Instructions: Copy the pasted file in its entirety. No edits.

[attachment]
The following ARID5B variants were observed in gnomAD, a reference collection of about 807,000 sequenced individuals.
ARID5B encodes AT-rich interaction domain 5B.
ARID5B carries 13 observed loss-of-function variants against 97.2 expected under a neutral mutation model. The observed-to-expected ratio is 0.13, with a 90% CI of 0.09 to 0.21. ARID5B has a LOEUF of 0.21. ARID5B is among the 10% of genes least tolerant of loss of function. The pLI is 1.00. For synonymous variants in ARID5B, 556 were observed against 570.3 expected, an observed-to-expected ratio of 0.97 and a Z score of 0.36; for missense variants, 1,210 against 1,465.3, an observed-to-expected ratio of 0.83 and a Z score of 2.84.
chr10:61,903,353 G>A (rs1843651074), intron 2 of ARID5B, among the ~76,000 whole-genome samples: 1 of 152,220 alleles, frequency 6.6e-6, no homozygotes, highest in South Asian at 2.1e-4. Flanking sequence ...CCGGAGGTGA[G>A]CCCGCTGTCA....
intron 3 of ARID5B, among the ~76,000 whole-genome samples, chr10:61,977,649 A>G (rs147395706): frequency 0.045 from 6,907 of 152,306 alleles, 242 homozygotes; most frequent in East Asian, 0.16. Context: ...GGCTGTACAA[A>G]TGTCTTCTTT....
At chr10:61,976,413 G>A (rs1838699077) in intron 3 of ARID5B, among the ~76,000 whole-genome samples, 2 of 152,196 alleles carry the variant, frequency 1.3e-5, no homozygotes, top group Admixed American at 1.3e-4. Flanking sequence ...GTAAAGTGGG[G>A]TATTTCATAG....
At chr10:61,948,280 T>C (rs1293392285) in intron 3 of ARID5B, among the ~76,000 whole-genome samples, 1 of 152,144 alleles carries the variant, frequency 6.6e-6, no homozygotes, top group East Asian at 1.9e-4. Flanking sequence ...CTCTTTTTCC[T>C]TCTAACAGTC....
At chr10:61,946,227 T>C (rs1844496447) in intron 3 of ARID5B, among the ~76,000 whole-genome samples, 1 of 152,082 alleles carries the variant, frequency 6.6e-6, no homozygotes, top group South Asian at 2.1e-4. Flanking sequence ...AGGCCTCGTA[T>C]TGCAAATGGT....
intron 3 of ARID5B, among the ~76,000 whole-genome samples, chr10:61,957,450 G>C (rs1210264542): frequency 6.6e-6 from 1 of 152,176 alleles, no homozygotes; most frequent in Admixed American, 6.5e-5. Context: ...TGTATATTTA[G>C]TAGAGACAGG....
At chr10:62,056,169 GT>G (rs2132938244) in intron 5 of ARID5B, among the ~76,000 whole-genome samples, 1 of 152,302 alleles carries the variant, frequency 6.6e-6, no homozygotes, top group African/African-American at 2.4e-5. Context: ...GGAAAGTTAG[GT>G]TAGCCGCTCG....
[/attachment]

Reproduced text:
The following ARID5B variants were observed in gnomAD, a reference collection of about 807,000 sequenced individuals.
ARID5B encodes AT-rich interaction domain 5B.
ARID5B carries 13 observed loss-of-function variants against 97.2 expected under a neutral mutation model. The observed-to-expected ratio is 0.13, with a 90% CI of 0.09 to 0.21. ARID5B has a LOEUF of 0.21. ARID5B is among the 10% of genes least tolerant of loss of function. The pLI is 1.00. For synonymous variants in ARID5B, 556 were observed against 570.3 expected, an observed-to-expected ratio of 0.97 and a Z score of 0.36; for missense variants, 1,210 against 1,465.3, an observed-to-expected ratio of 0.83 and a Z score of 2.84.
chr10:61,903,353 G>A (rs1843651074), intron 2 of ARID5B, among the ~76,000 whole-genome samples: 1 of 152,220 alleles, frequency 6.6e-6, no homozygotes, highest in South Asian at 2.1e-4. Flanking sequence ...CCGGAGGTGA[G>A]CCCGCTGTCA....
intron 3 of ARID5B, among the ~76,000 whole-genome samples, chr10:61,977,649 A>G (rs147395706): frequency 0.045 from 6,907 of 152,306 alleles, 242 homozygotes; most frequent in East Asian, 0.16. Context: ...GGCTGTACAA[A>G]TGTCTTCTTT....
At chr10:61,976,413 G>A (rs1838699077) in intron 3 of ARID5B, among the ~76,000 whole-genome samples, 2 of 152,196 alleles carry the variant, frequency 1.3e-5, no homozygotes, top group Admixed American at 1.3e-4. Flanking sequence ...GTAAAGTGGG[G>A]TATTTCATAG....
At chr10:61,948,280 T>C (rs1293392285) in intron 3 of ARID5B, among the ~76,000 whole-genome samples, 1 of 152,144 alleles carries the variant, frequency 6.6e-6, no homozygotes, top group East Asian at 1.9e-4. Flanking sequence ...CTCTTTTTCC[T>C]TCTAACAGTC....
At chr10:61,946,227 T>C (rs1844496447) in intron 3 of ARID5B, among the ~76,000 whole-genome samples, 1 of 152,082 alleles carries the variant, frequency 6.6e-6, no homozygotes, top group South Asian at 2.1e-4. Flanking sequence ...AGGCCTCGTA[T>C]TGCAAATGGT....
intron 3 of ARID5B, among the ~76,000 whole-genome samples, chr10:61,957,450 G>C (rs1210264542): frequency 6.6e-6 from 1 of 152,176 alleles, no homozygotes; most frequent in Admixed American, 6.5e-5. Context: ...TGTATATTTA[G>C]TAGAGACAGG....
At chr10:62,056,169 GT>G (rs2132938244) in intron 5 of ARID5B, among the ~76,000 whole-genome samples, 1 of 152,302 alleles carries the variant, frequency 6.6e-6, no homozygotes, top group African/African-American at 2.4e-5. Context: ...GGAAAGTTAG[GT>G]TAGCCGCTCG....